[1961. Review of Anselm: Fides Quaerens Intellectum, by Karl Barth. The Presbyterian Journal. May 3.]
ANSELM: FIDES QUAERENS INTELLECTUM, by Karl Barth. John Knox Press, Richmond, Va. 173 pp. $3.00.
Anselm (1033-1109) brilliantly invented the so-called Ontological Proof of the existence of God, a proof reworked by Descartes and Spinoza, and severely criticized by Aquinas and Kant. Barth holds that Anselm has been seriously misunderstood by friends and foes alike.
Anselm’s aim has been traditionally understood to be the proof of Christian doctrines on a purely rational basis without any appeal to Scripture so that a “Jew or pagan” would be convinced. This seems to be Anselm’s actual procedure in his proof of God’s existence, although in his proof of the Atonement he constantly makes use of Scriptural ideas.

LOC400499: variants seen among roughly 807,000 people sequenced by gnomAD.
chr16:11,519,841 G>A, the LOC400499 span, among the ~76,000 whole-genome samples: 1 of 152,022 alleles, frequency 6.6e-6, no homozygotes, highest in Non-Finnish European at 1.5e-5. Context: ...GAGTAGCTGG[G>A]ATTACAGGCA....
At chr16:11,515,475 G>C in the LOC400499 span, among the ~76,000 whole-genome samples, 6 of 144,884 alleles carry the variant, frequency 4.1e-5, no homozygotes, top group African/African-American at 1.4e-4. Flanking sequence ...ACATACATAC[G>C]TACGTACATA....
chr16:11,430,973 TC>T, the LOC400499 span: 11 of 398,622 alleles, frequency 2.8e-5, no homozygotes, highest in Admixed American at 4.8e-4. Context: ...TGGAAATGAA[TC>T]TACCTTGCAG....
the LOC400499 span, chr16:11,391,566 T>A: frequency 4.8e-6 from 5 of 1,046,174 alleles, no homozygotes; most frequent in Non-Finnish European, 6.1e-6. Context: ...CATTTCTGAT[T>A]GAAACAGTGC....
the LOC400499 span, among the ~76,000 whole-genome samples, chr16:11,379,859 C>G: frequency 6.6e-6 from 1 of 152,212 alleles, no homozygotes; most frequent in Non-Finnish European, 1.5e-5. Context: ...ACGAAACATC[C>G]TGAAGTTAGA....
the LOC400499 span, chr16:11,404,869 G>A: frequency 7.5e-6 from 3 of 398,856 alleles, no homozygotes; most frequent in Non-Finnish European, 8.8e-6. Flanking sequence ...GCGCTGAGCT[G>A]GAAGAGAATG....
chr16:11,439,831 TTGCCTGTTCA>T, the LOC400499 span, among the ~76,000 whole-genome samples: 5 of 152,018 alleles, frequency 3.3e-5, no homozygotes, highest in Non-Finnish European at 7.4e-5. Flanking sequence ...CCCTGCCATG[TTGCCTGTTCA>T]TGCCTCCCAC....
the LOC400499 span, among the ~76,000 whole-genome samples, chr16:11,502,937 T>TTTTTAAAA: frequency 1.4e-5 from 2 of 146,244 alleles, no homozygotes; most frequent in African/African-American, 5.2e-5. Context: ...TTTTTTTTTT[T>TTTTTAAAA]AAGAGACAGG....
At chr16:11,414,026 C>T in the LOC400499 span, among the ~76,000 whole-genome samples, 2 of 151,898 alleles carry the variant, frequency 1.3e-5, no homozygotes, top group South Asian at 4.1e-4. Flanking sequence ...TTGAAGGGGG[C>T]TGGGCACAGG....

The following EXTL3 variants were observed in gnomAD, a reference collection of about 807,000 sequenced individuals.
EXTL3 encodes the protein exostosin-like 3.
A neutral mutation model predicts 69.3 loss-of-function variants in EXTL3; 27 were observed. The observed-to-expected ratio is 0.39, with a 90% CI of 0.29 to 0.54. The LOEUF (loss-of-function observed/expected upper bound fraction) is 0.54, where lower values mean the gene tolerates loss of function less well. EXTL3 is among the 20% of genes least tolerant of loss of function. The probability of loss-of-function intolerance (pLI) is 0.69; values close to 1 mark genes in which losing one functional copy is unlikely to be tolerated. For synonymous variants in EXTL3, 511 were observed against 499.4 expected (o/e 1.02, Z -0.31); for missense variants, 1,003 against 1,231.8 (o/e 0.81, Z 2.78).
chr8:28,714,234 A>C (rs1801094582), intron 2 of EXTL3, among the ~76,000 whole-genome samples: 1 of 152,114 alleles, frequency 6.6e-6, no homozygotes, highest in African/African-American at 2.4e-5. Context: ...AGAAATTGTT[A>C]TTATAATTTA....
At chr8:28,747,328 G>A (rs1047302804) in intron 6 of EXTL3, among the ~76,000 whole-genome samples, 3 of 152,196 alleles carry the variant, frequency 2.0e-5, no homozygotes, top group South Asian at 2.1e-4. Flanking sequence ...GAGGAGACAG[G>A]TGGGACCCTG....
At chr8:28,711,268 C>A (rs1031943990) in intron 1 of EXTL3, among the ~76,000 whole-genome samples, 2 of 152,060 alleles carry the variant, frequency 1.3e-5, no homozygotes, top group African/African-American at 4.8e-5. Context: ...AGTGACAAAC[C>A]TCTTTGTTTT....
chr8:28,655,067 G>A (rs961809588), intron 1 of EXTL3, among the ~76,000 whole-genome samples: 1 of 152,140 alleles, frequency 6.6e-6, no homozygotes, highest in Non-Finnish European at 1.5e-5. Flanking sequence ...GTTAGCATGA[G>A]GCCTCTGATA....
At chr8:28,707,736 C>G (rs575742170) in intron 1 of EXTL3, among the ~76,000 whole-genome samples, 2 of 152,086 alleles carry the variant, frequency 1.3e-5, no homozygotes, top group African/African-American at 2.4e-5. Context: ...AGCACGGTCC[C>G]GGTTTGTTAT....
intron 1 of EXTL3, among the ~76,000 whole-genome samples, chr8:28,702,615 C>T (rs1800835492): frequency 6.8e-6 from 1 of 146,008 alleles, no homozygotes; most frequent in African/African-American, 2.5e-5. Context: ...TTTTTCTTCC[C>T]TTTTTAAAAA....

Barth holds that Anselm is to be interpreted in every case by his procedure on the Atonement. A thesis, such as God’s existence, is taken as an unknown x, and its proof consists in deducing it from a, b, c, articles of the Creed taken as known. Thus the proof of any Christian thesis consists in showing its necessary connection with the remainder of the Christian faith.
Barth’s analysis of Anselm’s argument, by which he defends his view, is extremely detailed and penetrating. It is a major contribution to Medieval studies.
—Gordon H. Clark, Ph.D.